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Hazelwood cleanup
by Justin Jacobs
Associate Editor
Jul 07, 2011 | 713 views | 0 0 comments | 7 7 recommendations | email to a friend | print
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Rachel Clark, Elyse Heyman and Emily Unikel (left to right) volunteered in Beechview Park last August in Shalom Pittsburgh’s first project with Renew Pittsburgh. The second project is planned for July 10 in Hazelwood.(Photo Courtesy Shalom Pittsburgh)</i>
Rachel Clark, Elyse Heyman and Emily Unikel (left to right) volunteered in Beechview Park last August in Shalom Pittsburgh’s first project with Renew Pittsburgh. The second project is planned for July 10 in Hazelwood.(Photo Courtesy Shalom Pittsburgh)
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The annual Pittsburgh Mitzvah Day, organized by the Jewish Federation of Greater Pittsburgh, may be held around Christmas each year, but this Sunday it’s time to celebrate Christmas in July.

Shalom Pittsburgh, a branch of the Federation of Greater Pittsburgh that aims to connect Jewish young adults, paired with volunteer nonprofit Renew Pittsburgh for a mitzva event cleaning up the Lewis Playground in Hazelwood.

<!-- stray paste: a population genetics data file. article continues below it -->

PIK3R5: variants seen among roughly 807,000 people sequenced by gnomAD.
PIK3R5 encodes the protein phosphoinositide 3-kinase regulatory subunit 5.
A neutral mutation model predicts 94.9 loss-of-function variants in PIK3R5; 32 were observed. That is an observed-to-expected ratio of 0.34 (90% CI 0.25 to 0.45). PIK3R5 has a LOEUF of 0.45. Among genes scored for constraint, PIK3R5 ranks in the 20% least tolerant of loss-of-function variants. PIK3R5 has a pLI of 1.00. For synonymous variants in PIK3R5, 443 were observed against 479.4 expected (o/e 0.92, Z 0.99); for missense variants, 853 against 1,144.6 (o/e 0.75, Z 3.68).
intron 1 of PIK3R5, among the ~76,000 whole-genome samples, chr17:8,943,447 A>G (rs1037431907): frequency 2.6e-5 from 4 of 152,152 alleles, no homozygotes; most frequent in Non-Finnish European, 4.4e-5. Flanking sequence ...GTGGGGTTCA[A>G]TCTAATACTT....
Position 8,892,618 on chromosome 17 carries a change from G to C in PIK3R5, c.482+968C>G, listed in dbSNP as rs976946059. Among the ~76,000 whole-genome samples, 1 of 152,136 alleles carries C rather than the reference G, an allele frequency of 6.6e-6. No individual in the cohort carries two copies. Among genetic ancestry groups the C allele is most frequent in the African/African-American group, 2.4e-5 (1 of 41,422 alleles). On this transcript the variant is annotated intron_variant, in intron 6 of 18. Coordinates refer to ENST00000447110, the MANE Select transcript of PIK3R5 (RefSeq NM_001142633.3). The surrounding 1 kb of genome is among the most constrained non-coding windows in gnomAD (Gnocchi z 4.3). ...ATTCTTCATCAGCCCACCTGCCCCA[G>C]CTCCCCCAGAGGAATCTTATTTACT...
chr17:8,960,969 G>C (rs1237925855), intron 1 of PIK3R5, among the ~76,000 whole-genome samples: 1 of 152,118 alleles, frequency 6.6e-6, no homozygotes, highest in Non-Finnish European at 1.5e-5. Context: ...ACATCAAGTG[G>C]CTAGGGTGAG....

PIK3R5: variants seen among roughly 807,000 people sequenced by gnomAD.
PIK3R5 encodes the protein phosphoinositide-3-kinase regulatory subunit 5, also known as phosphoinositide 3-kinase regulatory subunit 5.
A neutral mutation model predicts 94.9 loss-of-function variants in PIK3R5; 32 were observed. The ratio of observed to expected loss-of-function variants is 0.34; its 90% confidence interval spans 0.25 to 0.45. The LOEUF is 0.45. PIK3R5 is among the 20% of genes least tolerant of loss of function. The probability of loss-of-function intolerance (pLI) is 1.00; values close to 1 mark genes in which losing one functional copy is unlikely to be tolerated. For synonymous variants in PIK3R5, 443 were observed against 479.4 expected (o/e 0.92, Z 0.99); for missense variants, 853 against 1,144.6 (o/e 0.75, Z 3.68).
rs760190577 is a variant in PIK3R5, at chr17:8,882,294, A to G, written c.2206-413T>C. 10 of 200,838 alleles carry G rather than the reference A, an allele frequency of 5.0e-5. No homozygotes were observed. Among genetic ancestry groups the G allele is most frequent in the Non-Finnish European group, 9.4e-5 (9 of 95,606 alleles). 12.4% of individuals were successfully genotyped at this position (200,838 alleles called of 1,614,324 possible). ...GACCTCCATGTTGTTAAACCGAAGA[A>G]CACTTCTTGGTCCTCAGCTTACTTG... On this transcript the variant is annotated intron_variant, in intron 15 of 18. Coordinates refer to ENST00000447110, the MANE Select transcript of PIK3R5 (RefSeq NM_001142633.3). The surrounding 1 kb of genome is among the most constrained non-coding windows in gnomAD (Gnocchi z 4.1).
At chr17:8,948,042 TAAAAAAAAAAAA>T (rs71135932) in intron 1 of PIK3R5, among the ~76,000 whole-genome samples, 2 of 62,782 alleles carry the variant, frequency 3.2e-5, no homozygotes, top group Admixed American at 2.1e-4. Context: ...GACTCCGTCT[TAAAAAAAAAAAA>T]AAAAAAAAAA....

As part of Shalom Pittsburgh’s Mitzvah Division, this weekend’s cleanup is just one of a series of year-round mitzva events. The cleanup will begin Sunday, July 10, at 1 p.m. and stretch until 3 p.m. at the playground off Second Avenue — 885, between Berwick and Minden streets.

Activities will include cleaning and painting, and refreshments will be provided.

Many Jews in Pittsburgh are familiar with the mitzva of tzedaka, but the cleanup appeals to people because it is more hands-on.

“There are only a few hands on mitzvas that people can take part in in the community,” said Becca Tobe, Young Adult Division director at the Federation. “People like to see tangible results of their volunteer time.”

Renew Pittsburgh is an all-volunteer organization that promotes renewal in the city, organizing efforts such as this Sunday’s cleanup to help rebuild Pittsburgh neighborhoods.

“It’s all about community empowerment. This is a neighborhood in the city that’s been decimated, but there are groups of residents who are fighting for their neighborhood,” said Renew Pittsburgh Executive Director Kevin Acklin. “This project is about showing them that we support what they do everyday.”

Tobe said she expects about 15 people to come on behalf of Shalom Pittsburgh, including full families, as the cleanup is open to children ages 5 and above.

“A lot of families are looking to show their children the meaning of mitzvas and helping in the community,” said Tobe.

Shalom Pittsburgh’s Mitzvah Division holds about four similar events a year in addition to Mitzvah Day each December.

“The idea is just to get Jewish people together helping other people,” said Tobe, “whether that’s helping other Jews or not.”

(Justin Jacobs can be reached at justinj@thejewishchronicle.net.)

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